With Eleven-ThirtyEight’s final days looming and the publishing schedule filling up rapidly, a group piece seemed like a good opportunity for the staff to speak their minds one last time independent of the demands of a solo article. The topic: with all these new projects on the horizon, what are you looking forward to the most? After years of uncertainty, what gives you (ugh) hope for the future of Star Wars? Here’s what they had to say.

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If You Want New Star Wars Films, Give Star Wars Films Up

Late Monday night, a website named Above the Line reported that writer Damon Lindelof had “exited” the untitled Star Wars film project he’d previously been reported to be working on alongside Justin Britt-Gibson and director Sharmeen Obaid-Chinoy.

I’d never heard of Above the Line before this week but they style themselves as a “trade”, akin to much more established publications like Deadline or Variety. I don’t know if they’re anywhere near as reliable as the more familiar trades, but I do know that their Twitter account only dates back to October and as of this writing they have exactly 898 followers. Just last week Lindelof himself openly expressed doubts about his desire to move forward with the project at the South by Southwest festival, so for him to have officially stepped away now is certainly a plausible notion.

But I’m not here to raise any doubts about the report—one that, by midday on Tuesday, had been backed up by Deadline itself. What’s interesting to me about this news is that, Lindelof’s own comments notwithstanding, he was never actually announced to be writing a Star Wars movie in the first place.

No, this saga began in the trades and was developed further by the trades, so I suppose it’s only fitting that a trade should end it. My question for you, beloved reader, is: did all this reporting produce anything of value for us, as fans, in any way?

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The Legendary Eleven-ThirtyEight Turns a Page

Four years ago, I attended Star Wars Celebration for the first time. Never having attended a real convention before, the months leading up to it were filled with a lot of uncertainly regarding hotels, passes, the survival of my car, and so on—some of which I documented here, actually. The biggest uncertainty, of course, the one that fed all the others, was money. Had I saved enough? Had I saved enough to enjoy myself? What if something went wrong?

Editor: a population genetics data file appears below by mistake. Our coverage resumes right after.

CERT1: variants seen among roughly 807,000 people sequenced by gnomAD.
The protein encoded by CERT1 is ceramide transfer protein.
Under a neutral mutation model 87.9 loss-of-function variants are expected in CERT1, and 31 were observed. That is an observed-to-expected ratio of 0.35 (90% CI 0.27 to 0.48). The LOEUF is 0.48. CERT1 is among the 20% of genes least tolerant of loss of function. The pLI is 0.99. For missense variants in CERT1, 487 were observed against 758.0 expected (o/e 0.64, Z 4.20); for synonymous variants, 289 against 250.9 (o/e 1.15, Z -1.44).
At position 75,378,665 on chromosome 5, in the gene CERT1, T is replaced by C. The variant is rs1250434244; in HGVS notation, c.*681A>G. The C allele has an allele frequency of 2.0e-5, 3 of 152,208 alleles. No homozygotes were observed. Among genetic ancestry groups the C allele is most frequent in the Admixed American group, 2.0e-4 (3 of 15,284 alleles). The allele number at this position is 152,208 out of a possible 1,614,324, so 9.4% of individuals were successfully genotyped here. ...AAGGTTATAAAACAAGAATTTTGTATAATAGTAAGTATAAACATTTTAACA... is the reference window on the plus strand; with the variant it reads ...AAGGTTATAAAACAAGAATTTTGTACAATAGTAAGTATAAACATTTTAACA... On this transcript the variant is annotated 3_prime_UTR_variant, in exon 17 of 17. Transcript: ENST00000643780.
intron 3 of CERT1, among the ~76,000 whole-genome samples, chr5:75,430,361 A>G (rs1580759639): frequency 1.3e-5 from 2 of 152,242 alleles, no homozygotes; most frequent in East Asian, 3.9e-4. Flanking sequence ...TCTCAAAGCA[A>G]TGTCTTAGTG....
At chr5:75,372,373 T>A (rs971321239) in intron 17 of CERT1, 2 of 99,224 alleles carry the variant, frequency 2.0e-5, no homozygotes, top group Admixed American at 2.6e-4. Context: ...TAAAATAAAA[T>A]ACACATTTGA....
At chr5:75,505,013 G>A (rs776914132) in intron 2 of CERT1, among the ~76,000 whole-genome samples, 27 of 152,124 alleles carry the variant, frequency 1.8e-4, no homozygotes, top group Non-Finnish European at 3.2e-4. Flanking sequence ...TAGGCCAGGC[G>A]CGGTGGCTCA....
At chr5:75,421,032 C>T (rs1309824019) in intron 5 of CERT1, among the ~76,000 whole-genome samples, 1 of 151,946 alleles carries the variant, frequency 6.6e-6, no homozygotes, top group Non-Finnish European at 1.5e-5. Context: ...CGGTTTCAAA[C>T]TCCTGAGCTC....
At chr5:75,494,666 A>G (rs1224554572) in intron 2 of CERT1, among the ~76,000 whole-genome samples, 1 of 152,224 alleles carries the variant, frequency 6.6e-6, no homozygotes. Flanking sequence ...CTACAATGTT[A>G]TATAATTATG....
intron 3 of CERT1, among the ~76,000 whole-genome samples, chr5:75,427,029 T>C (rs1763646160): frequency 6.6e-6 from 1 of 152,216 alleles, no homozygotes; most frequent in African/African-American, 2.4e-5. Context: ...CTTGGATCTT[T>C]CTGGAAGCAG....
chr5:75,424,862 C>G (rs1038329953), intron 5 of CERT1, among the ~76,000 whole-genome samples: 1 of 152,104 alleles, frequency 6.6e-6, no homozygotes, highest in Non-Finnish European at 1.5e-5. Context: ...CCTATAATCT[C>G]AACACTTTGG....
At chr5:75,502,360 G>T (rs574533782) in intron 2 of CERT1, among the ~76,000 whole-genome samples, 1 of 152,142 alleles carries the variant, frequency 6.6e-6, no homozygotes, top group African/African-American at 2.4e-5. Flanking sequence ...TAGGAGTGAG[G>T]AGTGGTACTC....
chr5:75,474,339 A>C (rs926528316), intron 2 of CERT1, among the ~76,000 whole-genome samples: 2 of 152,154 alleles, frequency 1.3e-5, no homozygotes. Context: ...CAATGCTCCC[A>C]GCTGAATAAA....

To alleviate some of these concerns, I decided to ask you, our stylish and insightful readers, for assistance paying that year’s hosting bill. I originally intended to collect donations for a week, but by the third day I had to deactivate my PayPal link because I had collected enough to pay for not just that year’s hosting but for four years.

That level of support felt lovely, of course, but it brought with it a major sense of responsibility: I now had to earn all that support. With only one Star Wars movie left on the horizon at that time and Disney+ still a major question mark, could I keep Eleven-ThirtyEight going another four years? What the hell would Star Wars even be by the end of that time?

It also occurred to me, though, that those four years of funding would bring us to 2023, the year of the site’s tenth anniversary. If I could keep things going that long, justify all that faith you folks had expressed in us, that anniversary would be a great moment to put this whole thing to bed. That was still a long way off, of course, so I put a pin in it and got back to business.